Philthy Thoughts

By Phil Maneri

The electric bass community often discusses the merits of top-loaded bridges vs string-through-body loading. Camps are quite divided with their self-reported observations. Some people talk about increased sustain through-body with increased volume and punchiness, others talk about how they don’t notice a difference. In true internet fashion, each camp thinks they are right and the other person who thinks differently is an idiot. I’ll sidestep this for the moment and share some observations about top-loaded bridges vs strings-through body that helped me form my own opinion.

Any place a string touches the instrument along its span can affect the performance, sometimes for the better, sometimes not so much. At its simplest, you have a termination at the bridge end, the saddle passover where it enters the playing field, the nut at the other end (or zero fret) where open string rotation stops, then the tuning area where the string tension is applied. There are a myriad of variations of this structure, but somewhere in the middle of it all, the string is playing a note. That note, and the arc of its attack, sustain, decay, and release, are all influenced by anything the string touches. 

The string movement through its contact points with the instrument engages the body and neck, which start to vibrate in sympathy with it. In turn, the string gets more movement from the body and the neck feeding back to it. When an instrument creates a loop of string movement, body movement, string movement, etc., the whole thing gets a feeling like it’s playing itself. The more resonant and alive the instrument is, the longer it takes to get to the decay of a string envelope; in other words, the note is sustained longer.

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String variables are an entirely separate topic and will be ignored, here. Saddle materials are significant, but straightforward. Softer materials, like plastic, yield darker notes with less precise attack, harder materials, like bone or metals, yield harder attack and brighter notes. These differences are subtle, at best.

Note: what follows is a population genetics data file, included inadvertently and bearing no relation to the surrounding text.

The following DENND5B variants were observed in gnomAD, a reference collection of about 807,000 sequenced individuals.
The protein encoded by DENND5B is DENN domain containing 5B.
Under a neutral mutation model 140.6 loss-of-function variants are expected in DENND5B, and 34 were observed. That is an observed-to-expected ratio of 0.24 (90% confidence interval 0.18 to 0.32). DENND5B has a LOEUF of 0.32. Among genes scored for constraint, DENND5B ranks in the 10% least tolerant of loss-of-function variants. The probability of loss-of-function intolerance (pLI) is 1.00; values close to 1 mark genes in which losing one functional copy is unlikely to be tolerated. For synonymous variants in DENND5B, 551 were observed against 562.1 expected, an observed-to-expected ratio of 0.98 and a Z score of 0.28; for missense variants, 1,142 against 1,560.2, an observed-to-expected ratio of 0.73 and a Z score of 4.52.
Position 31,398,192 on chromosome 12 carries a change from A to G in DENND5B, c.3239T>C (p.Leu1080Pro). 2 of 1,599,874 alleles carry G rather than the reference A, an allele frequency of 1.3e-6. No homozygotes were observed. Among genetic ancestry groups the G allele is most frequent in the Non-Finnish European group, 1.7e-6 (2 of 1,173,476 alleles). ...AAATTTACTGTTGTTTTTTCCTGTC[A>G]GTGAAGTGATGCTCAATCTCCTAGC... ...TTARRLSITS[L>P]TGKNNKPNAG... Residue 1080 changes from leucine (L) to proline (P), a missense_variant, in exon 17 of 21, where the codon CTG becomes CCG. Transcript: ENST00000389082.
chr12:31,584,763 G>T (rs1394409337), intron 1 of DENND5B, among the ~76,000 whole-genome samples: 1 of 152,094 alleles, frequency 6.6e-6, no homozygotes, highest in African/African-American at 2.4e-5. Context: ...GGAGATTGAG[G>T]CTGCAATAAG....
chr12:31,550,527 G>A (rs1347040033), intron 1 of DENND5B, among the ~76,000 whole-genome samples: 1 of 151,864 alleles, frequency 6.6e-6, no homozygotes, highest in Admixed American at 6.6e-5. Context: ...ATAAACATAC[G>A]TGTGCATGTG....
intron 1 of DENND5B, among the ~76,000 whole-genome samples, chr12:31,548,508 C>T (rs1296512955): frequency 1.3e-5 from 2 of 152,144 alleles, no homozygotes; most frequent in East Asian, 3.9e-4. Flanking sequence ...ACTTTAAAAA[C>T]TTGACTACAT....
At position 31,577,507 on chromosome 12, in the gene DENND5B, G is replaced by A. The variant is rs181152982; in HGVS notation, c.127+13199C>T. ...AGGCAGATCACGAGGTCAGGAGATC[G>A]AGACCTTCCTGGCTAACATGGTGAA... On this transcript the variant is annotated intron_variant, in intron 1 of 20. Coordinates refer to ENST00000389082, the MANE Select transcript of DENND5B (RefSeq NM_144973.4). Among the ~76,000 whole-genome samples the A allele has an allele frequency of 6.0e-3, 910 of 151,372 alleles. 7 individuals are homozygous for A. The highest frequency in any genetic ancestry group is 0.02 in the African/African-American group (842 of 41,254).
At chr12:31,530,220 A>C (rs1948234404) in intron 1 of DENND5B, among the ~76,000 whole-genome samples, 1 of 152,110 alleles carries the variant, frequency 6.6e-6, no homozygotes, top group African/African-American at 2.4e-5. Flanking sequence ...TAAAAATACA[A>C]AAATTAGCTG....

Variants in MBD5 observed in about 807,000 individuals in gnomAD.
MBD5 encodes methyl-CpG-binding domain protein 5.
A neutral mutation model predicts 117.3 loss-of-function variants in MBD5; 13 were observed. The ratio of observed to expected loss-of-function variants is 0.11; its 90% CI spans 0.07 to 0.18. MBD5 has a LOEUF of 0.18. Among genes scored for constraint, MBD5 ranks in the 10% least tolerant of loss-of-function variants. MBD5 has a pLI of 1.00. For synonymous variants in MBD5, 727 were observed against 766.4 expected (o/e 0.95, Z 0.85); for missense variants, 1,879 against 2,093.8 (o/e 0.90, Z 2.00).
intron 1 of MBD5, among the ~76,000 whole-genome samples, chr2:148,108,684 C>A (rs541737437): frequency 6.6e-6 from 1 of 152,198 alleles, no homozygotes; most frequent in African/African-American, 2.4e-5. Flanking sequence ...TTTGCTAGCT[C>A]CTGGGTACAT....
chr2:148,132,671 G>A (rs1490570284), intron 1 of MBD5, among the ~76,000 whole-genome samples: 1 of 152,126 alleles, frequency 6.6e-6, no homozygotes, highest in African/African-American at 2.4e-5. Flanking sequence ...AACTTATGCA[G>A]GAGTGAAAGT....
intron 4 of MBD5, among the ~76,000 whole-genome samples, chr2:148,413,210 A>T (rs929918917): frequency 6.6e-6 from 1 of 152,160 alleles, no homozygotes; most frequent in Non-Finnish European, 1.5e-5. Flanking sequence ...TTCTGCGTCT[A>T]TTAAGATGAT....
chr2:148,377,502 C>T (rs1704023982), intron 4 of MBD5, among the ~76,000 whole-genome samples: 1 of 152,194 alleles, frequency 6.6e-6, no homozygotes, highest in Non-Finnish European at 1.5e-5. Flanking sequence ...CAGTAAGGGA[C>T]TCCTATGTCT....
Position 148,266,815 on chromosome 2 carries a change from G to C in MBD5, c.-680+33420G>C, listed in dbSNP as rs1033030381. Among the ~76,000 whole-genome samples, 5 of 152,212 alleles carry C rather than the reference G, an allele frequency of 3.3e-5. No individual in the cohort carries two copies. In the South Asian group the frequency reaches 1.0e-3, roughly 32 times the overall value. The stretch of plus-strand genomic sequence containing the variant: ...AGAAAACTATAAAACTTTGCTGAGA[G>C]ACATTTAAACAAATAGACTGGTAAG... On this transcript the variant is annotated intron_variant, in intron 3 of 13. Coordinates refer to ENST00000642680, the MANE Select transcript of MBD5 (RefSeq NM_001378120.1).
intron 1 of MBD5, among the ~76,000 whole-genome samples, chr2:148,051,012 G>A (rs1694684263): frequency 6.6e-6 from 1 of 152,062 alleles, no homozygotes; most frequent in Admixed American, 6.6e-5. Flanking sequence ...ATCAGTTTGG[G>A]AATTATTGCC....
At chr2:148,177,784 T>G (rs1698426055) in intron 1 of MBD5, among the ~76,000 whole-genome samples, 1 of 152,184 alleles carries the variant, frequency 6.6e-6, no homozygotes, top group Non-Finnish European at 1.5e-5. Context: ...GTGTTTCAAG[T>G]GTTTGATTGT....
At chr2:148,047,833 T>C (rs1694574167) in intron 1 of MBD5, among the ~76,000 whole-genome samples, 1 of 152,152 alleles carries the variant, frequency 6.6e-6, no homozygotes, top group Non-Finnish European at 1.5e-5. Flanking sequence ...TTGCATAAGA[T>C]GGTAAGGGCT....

Nut variables are similar; they just show up on the other end of the string. [Sidebar: once the note is stopped or fretted inside the playing area, the nut is bypassed as the string termination point. The material and structure of that nut then become less relevant. As soon as you fret a note, the fret material becomes far more significant in the tone. The nut’s impact is reduced significantly to almost be irrelevant. It does still touch the string, which leads to the next point.]

The more places a string is touched – even outside the playing field – the more chances you have of introducing sonic changes to the strings sound and envelope. Sometimes, the feedback relationship can get contaminated by multiple connections with different vibration patterns. Like if you touch a spinning top, it tends to wobble and topple over. The double bass construction bears that in mind. The tailpiece is part of the overall string picture. The material and how it’s constructed contribute a lot to the overall sound of the bass. Those string after-lengths between the bridge and where the string joins the tailpiece are tuned to address wolf tones and other variables in the course of a complex setup. This is significant, because there are very few places the string touches the instrument on a double bass. Even the string ball ends are connected to the tailpiece and don’t touch the instrument across the top, at all. The tailpiece then terminates against the end block, where vibration gets soaked up into almost nothing. That is the exact opposite of a string-through electric bass concept.